June 25, 2013
By: James Orlando, Associate Analyst
You asked several questions about medical foundations, including (1) what is a medical foundation as defined in our statutes and what is its relationship to non-profit hospitals in our state, (2) do all our for-profit or nonprofit hospitals have a medical foundation, and (3) are medical foundations regulated or defined in other states?
In general, medical foundations are a mechanism allowing hospitals and certain other health care entities to create nonprofit legal entities to employ physicians or certain other health care providers. Medical foundations provide more flexibility for hospitals seeking to directly employ physicians and other providers.
Medical foundations were first authorized in Connecticut in 2009, through PA 09-212 (codified at Chapter 594b of the General Statutes). Connecticut's medical foundations law authorizes a hospital or health system organized as a nonstock (nonprofit) corporation or medical school meeting certain criteria to organize and become a member of a medical foundation to practice medicine and provide health care services through employees or agents who are licensed physicians and certain other providers. By law, medical foundations must be nonprofit entities.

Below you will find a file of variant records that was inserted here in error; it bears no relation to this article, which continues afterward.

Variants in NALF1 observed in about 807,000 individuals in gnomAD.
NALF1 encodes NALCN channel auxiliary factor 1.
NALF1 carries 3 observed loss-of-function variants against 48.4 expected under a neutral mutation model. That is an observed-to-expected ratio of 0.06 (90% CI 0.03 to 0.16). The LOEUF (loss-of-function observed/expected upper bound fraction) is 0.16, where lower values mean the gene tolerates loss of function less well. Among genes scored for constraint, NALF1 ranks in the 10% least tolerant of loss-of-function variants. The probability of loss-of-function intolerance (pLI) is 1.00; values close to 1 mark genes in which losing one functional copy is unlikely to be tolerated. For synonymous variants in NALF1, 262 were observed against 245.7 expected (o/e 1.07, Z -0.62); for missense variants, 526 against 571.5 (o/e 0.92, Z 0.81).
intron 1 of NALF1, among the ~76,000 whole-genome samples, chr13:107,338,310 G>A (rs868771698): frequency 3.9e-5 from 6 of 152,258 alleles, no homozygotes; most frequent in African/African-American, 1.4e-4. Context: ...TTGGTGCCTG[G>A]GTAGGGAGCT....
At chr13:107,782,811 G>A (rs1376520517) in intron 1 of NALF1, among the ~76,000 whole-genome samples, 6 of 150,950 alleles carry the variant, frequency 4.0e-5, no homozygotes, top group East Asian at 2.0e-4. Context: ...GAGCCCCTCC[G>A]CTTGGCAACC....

The governor recently vetoed PA 13-278, which would have expanded the list of entities that may be members of a medical foundation to include for-profit entities that have entered into a letter of intent on or before August 1, 2013 with Greater Waterbury Health Network, Inc., Bristol Hospital and Health Care Group, Inc., or another hospital or health system.
The existing medical foundations law (1) allows mergers and consolidations of medical foundations under certain circumstances, (2) allows corporations organized under certain other state laws to bring themselves under the law's provisions, and (3) establishes certain requirements regarding what must appear in the foundation's name. Among other provisions, medical foundations must also provide certain documents to the Office of Health Care Access (OHCA).
According to the Department of Public Health, there are currently 11 medical foundations in Connecticut; a list is attached to this report. They were formed by nonprofit hospitals or the other entities allowed under existing law. Not all nonprofit hospitals have formed medical foundations. Prior to the passage of PA 13-278, the law did not allow for-profit hospitals to form medical foundations.
Some other states also have medical foundations or similar entities, notably California. California law has allowed for medical foundations since 1980.
Below, we summarize Connecticut's medical foundation law. We also briefly describe medical foundations in California.
CONNECTICUT MEDICAL FOUNDATIONS LAW